The present study investigated the role of muscle metaboreceptor activation on human thermoregulation by measuring core temperature thresholds and slopes for sweating and cutaneous vascular responses during passive heating associated with central and peripheral mechanisms. Six male and eight female subjects inserted their lower legs into hot water (43°C) while wearing a water perfusion suit on the upper body (34°C). One minute after immersion, an isometric handgrip exercise—40% of maximum voluntary contraction—was conducted for 1.5 min in both control and experimental conditions, while postexercise occlusion was performed in the experimental condition only for 9 min. The postexercise forearm occlusion during passive heating consistently stimulated muscle metaboreceptors, as implicated by significantly elevated mean arterial blood pressure throughout the experimental period (P <0.05). Stimulation of the forearm muscle metaboreceptors increased sweating and cutaneous vascular responses during passive heating, and was associated with significant reductions in esophageal temperature threshold of sweating and cutaneous vasodilation (A threshold, sweating: 0.33 ± 0.05 and 0.16 ± 0.04°C, cutaneous vascular conductance: 0.38 ± 0.08 and 0.16 ± 0.05°C for control and experimental groups, respectively, P < 0.05). The slopes of these responses were not different between the conditions. These results suggest that muscle metaboreceptor activation in the forearm accelerates sweating and cutaneous vasodilation during passive heating associated with a reduction in core temperature thresholds and may be related to central mechanisms controlling heat loss responses.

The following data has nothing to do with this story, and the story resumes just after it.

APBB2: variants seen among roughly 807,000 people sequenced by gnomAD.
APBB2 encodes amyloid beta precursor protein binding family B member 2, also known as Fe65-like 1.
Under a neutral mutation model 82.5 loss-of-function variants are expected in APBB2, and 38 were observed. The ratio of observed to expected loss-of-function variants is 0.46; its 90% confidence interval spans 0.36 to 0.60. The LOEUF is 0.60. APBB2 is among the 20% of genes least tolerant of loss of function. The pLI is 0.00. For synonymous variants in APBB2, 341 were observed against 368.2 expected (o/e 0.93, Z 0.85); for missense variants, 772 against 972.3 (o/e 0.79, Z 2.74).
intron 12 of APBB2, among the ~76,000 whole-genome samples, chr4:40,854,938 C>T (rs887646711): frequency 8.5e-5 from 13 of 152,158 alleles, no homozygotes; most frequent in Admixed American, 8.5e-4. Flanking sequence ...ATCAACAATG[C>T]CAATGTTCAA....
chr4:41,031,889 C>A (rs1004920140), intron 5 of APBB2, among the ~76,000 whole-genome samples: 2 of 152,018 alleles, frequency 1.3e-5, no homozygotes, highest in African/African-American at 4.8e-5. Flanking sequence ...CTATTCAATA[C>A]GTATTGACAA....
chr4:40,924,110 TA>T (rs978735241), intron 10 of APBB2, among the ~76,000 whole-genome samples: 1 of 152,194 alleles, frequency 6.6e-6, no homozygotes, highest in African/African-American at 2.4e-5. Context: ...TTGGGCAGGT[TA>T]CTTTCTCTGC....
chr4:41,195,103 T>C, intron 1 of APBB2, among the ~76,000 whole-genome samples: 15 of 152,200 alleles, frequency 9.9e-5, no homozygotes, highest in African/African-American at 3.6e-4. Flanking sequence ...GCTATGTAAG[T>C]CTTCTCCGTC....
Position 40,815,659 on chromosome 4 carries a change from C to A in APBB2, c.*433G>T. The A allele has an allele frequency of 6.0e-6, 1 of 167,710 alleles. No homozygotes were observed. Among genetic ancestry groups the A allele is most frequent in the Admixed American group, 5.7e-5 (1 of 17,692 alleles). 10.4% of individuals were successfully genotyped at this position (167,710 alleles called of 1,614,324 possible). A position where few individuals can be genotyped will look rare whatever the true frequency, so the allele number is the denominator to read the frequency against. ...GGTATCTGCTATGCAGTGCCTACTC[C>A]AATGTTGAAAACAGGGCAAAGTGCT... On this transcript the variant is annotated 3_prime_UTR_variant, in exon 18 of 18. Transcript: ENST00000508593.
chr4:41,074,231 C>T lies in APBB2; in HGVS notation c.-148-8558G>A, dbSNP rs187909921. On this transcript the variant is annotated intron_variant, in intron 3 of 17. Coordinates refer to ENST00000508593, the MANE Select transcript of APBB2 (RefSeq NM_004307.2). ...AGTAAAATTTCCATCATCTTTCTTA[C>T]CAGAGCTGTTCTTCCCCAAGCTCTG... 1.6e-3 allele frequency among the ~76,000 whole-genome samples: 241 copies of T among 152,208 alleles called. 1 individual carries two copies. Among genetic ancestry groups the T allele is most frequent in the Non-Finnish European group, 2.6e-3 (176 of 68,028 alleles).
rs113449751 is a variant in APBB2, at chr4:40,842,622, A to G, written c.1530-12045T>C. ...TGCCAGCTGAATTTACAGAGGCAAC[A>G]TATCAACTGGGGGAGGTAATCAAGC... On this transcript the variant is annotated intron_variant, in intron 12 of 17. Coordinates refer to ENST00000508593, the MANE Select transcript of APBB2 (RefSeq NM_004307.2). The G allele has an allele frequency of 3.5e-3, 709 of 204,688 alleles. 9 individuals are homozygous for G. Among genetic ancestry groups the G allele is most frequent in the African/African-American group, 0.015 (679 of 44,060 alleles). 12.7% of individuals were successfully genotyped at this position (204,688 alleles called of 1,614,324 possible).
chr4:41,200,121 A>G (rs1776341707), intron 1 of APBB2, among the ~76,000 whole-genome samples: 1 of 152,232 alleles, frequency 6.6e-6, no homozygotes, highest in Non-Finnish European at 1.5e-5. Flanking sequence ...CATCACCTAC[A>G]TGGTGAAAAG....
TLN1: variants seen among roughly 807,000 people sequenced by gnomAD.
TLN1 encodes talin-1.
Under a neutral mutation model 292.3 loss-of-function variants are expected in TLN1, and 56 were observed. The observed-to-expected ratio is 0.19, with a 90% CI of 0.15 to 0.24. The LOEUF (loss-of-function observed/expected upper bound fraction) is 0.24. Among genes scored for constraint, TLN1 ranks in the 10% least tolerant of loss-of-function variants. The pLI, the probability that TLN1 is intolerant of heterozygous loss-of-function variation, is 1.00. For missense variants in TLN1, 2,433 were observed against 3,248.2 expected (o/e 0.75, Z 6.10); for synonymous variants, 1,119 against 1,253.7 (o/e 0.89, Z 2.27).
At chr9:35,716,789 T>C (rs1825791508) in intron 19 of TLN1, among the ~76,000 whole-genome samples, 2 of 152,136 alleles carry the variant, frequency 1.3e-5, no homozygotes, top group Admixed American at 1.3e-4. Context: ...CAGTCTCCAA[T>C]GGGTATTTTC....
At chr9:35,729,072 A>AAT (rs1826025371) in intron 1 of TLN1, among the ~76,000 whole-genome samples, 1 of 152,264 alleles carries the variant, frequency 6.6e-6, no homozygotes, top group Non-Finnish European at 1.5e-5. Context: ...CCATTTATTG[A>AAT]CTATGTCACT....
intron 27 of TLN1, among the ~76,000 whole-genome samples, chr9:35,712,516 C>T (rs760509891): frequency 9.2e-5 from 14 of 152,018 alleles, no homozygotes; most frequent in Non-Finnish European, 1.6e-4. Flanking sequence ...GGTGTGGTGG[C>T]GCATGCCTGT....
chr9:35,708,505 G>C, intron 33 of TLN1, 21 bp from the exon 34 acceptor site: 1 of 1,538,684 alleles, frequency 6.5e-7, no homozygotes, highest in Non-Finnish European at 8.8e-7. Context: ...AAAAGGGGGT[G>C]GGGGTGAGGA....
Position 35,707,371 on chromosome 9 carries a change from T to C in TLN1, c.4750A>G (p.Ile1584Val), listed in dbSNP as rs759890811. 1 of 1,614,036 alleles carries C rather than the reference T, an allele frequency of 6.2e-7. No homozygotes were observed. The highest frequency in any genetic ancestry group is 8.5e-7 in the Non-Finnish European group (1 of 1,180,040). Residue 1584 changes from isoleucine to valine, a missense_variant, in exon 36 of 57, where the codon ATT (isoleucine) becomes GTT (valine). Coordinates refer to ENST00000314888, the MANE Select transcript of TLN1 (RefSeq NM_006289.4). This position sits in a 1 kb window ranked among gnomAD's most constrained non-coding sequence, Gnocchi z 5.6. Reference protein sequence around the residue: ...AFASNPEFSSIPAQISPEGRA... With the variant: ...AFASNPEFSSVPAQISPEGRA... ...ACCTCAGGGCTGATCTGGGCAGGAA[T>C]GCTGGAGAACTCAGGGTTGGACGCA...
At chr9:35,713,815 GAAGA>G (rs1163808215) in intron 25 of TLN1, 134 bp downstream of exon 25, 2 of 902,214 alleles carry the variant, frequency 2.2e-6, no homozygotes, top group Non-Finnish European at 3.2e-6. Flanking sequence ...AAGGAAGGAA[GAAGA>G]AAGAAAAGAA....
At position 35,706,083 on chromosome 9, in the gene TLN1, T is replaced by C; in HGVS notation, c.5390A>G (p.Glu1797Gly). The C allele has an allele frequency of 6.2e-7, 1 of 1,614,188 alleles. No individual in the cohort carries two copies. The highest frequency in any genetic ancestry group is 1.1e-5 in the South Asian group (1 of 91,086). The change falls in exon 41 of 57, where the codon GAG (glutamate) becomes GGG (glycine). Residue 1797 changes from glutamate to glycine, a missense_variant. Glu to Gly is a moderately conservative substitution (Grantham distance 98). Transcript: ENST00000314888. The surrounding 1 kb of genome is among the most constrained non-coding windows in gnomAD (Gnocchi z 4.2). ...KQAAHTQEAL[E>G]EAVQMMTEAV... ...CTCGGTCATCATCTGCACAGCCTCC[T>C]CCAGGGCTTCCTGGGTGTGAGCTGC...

|Journal||American Journal of Physiology - Regulatory Integrative and Comparative Physiology|
|Publication status||Published - 12 Jun 2015|
- Cutaneous active vasodilation
- Eccrine sweat gland
- Group III and IV muscle afferents